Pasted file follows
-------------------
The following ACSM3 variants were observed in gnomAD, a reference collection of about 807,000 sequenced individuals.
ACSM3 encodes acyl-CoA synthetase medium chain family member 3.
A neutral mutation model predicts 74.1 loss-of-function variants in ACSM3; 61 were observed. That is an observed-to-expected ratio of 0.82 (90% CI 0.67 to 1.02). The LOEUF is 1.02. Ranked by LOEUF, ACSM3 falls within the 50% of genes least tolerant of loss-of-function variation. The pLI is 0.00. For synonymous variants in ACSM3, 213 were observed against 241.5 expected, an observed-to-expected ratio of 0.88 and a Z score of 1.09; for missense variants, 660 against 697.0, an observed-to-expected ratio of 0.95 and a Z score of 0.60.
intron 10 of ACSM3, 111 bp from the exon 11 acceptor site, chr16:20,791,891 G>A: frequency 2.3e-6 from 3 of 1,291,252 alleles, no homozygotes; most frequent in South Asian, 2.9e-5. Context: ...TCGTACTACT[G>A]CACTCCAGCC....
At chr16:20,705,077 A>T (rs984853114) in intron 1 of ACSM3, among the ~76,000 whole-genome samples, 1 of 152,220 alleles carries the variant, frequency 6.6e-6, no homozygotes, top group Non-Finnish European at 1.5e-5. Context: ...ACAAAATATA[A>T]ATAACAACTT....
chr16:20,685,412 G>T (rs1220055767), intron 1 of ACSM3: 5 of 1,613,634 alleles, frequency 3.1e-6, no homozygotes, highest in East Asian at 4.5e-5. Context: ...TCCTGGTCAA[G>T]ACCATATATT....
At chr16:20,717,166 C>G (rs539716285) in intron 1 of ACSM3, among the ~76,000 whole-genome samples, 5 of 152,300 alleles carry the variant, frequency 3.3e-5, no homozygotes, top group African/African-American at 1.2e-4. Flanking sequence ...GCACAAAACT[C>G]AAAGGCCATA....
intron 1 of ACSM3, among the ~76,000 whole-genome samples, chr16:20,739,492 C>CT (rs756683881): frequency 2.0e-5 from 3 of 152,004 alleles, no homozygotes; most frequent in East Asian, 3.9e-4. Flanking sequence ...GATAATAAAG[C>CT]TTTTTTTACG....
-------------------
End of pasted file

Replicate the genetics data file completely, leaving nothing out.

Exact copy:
The following ACSM3 variants were observed in gnomAD, a reference collection of about 807,000 sequenced individuals.
ACSM3 encodes acyl-CoA synthetase medium chain family member 3.
A neutral mutation model predicts 74.1 loss-of-function variants in ACSM3; 61 were observed. That is an observed-to-expected ratio of 0.82 (90% CI 0.67 to 1.02). The LOEUF is 1.02. Ranked by LOEUF, ACSM3 falls within the 50% of genes least tolerant of loss-of-function variation. The pLI is 0.00. For synonymous variants in ACSM3, 213 were observed against 241.5 expected, an observed-to-expected ratio of 0.88 and a Z score of 1.09; for missense variants, 660 against 697.0, an observed-to-expected ratio of 0.95 and a Z score of 0.60.
intron 10 of ACSM3, 111 bp from the exon 11 acceptor site, chr16:20,791,891 G>A: frequency 2.3e-6 from 3 of 1,291,252 alleles, no homozygotes; most frequent in South Asian, 2.9e-5. Context: ...TCGTACTACT[G>A]CACTCCAGCC....
At chr16:20,705,077 A>T (rs984853114) in intron 1 of ACSM3, among the ~76,000 whole-genome samples, 1 of 152,220 alleles carries the variant, frequency 6.6e-6, no homozygotes, top group Non-Finnish European at 1.5e-5. Context: ...ACAAAATATA[A>T]ATAACAACTT....
chr16:20,685,412 G>T (rs1220055767), intron 1 of ACSM3: 5 of 1,613,634 alleles, frequency 3.1e-6, no homozygotes, highest in East Asian at 4.5e-5. Context: ...TCCTGGTCAA[G>T]ACCATATATT....
At chr16:20,717,166 C>G (rs539716285) in intron 1 of ACSM3, among the ~76,000 whole-genome samples, 5 of 152,300 alleles carry the variant, frequency 3.3e-5, no homozygotes, top group African/African-American at 1.2e-4. Flanking sequence ...GCACAAAACT[C>G]AAAGGCCATA....
intron 1 of ACSM3, among the ~76,000 whole-genome samples, chr16:20,739,492 C>CT (rs756683881): frequency 2.0e-5 from 3 of 152,004 alleles, no homozygotes; most frequent in East Asian, 3.9e-4. Flanking sequence ...GATAATAAAG[C>CT]TTTTTTTACG....